We sat down at the kitchen table for lunch as we do everyday, well, most days. There are times when I take advantage of food’s ability to stop all conversations and abuse its power to solely connect with a human for 20 minutes while they feed their face; on occasion I intentionally skip snack to ensure we all sink into solitude. Or, I give Haze and Mae applesauce and cottage cheese with the understanding that they will mix the two; giving me at least another five minutes to, yah, you know, check Facebook.

Don’t get me wrong, we enjoy eating together and the conversations that take place around our dinner table will only get better as the kids age. Starting the understanding now, that meals are gathering times for the family, is important for us, but lunch is one of those in-betweens that I am less bent on making a “moment”, leaving it as more of a pit stop in the day.

It was today, that while we sat in our ever-changing spots at the table, I looked over and noticed a mole on Haze’s shoulder. It reminded me of Robespierre (who I think enjoys her “blog” name a little too much), I stared with no real thoughts going through my head, just observing a single indelible dot where someday a suit jacket may dart. I looked up again, with a glazed over gleam and gazed at Mae with half opened eyes (doing some serious thinking), I was stopped by the part in her hair, a pony tail that she put in “all by myself dad”, and wondered who’s ears she heard through. (If you haven’t made it a regular practice, stare at only your ears in the mirror for a few moments.) I broke the jaw grinding silence with a goofed-out face and noise, compelled to remind them I was there.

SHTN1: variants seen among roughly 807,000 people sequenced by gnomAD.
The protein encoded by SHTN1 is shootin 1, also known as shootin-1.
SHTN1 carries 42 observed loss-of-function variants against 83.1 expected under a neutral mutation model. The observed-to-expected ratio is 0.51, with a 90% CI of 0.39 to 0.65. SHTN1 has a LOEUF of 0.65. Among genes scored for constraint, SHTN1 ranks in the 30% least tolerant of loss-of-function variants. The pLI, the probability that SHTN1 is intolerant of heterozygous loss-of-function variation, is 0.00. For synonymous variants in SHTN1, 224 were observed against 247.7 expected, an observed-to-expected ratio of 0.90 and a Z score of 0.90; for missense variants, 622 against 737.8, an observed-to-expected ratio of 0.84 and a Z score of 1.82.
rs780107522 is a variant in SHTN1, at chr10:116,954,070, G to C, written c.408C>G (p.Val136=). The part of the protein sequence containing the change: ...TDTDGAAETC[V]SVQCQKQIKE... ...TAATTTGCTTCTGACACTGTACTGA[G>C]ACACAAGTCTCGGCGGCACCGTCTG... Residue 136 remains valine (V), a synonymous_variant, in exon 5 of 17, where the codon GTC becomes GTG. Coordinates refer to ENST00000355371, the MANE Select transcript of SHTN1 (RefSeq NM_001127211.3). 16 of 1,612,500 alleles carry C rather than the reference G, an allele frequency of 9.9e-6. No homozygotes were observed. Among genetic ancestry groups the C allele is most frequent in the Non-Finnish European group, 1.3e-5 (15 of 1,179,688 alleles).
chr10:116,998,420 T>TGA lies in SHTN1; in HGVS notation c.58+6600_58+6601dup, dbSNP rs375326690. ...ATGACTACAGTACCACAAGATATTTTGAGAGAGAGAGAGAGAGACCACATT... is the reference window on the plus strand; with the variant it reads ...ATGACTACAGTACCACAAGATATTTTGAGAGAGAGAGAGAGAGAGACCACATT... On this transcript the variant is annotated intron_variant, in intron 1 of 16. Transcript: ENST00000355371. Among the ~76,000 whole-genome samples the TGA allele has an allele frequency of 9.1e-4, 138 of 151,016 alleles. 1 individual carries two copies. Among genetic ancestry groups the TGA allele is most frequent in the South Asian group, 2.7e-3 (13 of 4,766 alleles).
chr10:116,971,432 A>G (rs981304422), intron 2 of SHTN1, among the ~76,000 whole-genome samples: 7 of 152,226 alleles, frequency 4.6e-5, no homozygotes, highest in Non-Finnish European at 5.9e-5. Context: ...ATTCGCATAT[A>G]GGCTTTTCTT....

“As I was saying”

I talk to our kids a lot. If not calling for supper, I’m explaining the art of wiping, asking for the little screwdriver to get to a battery hole, pleading for “things” to “please” stop, sharing my view of Seuss, expressing my insane love, or gasping in grunted growls after pulling the wagon up the street.

Communication is imperative, it goes without saying, but sometimes I need to close my mouth. I get tired of hearing myself speak, so, I can only imagine what they feel on those days when maybe they didn’t sleep well, or just aren’t in the mood to be around people.

Closing my mouth is fine, and I have discovered the beauty of silence as I’ve aged, but as a parent, I struggle with what I should curb out of their daily diet of daddy’s diatribes. If I think something – I have the desire to share it, if I know something – I want to explain it, and if I have a question – I want to ask it. I must stop taking every opportunity to speak, or risk our daughters will stop listening.

My Papa Sense tells me:

Our kids know and learn through more methods than listening. Perhaps, it’s not what I need to cut out of my verbal communication, but what I need to model and show in different ways. Maybe I have to let them ask the questions before explaining the theory, and have them approach me with an issue before jumping in to be referee.

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